“The faith having been planted in the island from the time of St Patrick, so many ages ago, and propagated almost ever since, it is wonderful that this nation should remain to this day so very ignorant of the rudiments of Christianity.”
Best use of sarcasm to avoid perjury….
The Waldensian Heretics used sarcasm to avoid answering questions which could have condemned them to death. As Bernard Gui reported… “It should be known that it is exceedingly difficult to interrogate and examine the Waldensians, and to get the truth about their errors from then, because of the deception and duplicity with which they answer questions, in order not to be caught…This is the way they do it. When one of them is arrested and brought for examination, he appears undaunted, as if he were secure and conscious of no evil in himself. When he is asked if he knows why he has been arrested, he answers very sweetly and with a smile, ‘My Lord, I should be glad to learn the reason from you.’ Asked about the faith which he holds and believes, he answers, ‘I believe everything that a good Christian ought to believe’. Questioned as to whom he considers a good Christian, he replies, ‘He who believes as Holy Church teaches him to believe’. When he is asked what he means by “Holy Church”, he answers, ‘My Lord, that which you say and believe is the Holy Church.’ If you say to him ‘I believe that the Holy Church is the Roman Church, over which the lord pope rules; and under him, the prelates’, he replies ‘I believe it’, meaning that he believes that you believe it.”
Best use of sarcasm by a lady-in-waiting….
When Edward IV’s Queen was pregnant with their first child (the Princess Elizabeth), a royal physician by the name of Dominic predicted that the child would be a boy, and convinced the King that this was so. He went as far as to station himself at the door to the Queen’s privy chamber so that he could be the first to learn of the good news. Upon hearing the baby’s cry, he knocked at the chamber door and asked what the Queen had given birth to. “To whom it was answered by one of the ladies, whatsoever the queen’s grace hath here within, sure it is a fool standeth there without.”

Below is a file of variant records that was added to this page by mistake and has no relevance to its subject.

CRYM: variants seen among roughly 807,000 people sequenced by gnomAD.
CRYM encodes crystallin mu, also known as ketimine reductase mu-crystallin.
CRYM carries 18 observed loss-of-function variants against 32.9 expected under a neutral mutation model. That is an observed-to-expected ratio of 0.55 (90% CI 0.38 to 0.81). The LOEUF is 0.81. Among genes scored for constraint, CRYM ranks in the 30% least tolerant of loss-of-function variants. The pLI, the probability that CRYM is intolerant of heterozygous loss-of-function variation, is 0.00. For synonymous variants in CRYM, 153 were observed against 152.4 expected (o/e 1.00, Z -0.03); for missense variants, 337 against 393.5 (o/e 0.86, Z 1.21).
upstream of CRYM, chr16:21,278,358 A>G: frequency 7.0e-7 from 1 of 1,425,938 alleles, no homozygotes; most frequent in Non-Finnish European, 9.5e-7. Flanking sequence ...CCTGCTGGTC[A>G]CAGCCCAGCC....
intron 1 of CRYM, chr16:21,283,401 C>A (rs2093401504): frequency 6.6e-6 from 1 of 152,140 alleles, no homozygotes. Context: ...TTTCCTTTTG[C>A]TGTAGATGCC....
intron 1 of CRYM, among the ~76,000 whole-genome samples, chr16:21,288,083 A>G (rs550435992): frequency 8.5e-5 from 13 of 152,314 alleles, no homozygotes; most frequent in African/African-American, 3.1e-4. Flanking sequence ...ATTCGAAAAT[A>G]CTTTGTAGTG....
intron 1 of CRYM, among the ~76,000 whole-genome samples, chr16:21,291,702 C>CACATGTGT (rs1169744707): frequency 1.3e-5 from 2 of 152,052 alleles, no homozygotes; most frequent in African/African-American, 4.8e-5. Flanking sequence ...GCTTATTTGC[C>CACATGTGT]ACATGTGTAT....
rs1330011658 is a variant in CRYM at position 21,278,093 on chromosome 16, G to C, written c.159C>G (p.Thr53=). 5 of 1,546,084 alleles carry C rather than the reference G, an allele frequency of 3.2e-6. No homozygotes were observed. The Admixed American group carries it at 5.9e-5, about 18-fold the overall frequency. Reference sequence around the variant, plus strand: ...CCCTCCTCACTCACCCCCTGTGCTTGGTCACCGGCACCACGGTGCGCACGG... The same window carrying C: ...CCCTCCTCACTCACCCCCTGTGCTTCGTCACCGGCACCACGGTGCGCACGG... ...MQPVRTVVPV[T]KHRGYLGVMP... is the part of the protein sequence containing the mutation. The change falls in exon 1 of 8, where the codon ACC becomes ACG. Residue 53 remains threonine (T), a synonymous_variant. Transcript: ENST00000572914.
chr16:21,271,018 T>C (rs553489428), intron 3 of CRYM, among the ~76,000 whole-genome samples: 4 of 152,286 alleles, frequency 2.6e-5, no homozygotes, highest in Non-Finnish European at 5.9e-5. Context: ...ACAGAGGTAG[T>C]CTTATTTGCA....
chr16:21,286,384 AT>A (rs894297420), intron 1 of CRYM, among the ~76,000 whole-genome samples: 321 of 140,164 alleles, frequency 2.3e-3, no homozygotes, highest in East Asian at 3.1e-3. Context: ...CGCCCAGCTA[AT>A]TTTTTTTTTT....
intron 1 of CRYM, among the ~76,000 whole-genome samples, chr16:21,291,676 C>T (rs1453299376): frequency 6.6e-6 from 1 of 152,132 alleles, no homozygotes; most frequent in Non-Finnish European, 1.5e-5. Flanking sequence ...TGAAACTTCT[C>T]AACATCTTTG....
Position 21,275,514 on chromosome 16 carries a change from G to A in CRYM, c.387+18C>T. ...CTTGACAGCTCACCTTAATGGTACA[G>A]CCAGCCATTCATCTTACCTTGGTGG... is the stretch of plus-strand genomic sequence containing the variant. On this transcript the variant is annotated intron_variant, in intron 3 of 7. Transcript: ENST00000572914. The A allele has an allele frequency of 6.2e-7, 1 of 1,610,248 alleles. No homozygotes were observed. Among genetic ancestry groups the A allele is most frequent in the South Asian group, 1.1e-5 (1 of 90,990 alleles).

Best use of sarcasm in an official report….
A report of a parliament which was held in 1399-1400, written by a knight, states the lack of effectiveness of the Commons…”Some members sat there like a nought in arithmetic that marks a place but had no meaning itself.”
Best use of sarcasm to win back royal favour….
Hugh of Avalon once found himself in King Henry II’s bad books after excommunicating one of Henry’s foresters. He was summoned to the royal presence, but was ignored by the sulking king. “Hugh pushed aside an earl and sat down at the King’s side; Henry, too restless to stay quiet, called for a needle and thread and began to stitch a leather finger-stall which he was wearing on his left hand. After a minute Hugh said: ‘How like you are now to your cousins of Falaise’, alluding to William the Bastard’s mother, the tanner’s daughter.” Apparently, the King “rocked with laughter”.
These exerpts of life in medieval times gives us an insight into the minds of these people. It is important to remember that our ancestors were just people like you and me, given to vices such as sarcastic comment. (My favourite vice ever.)
There are many, many more examples of sarcasm in the middle ages, however, as brevity is the soul of wit, I have not included them all here. I have one more pearl of wisdom to share, which may not technically be classed as sarcasm, but which certainly has a sardonic air. “Love is a certain inborn suffering derived from the sight of and excessive meditation upon the beauty of the opposite sex…”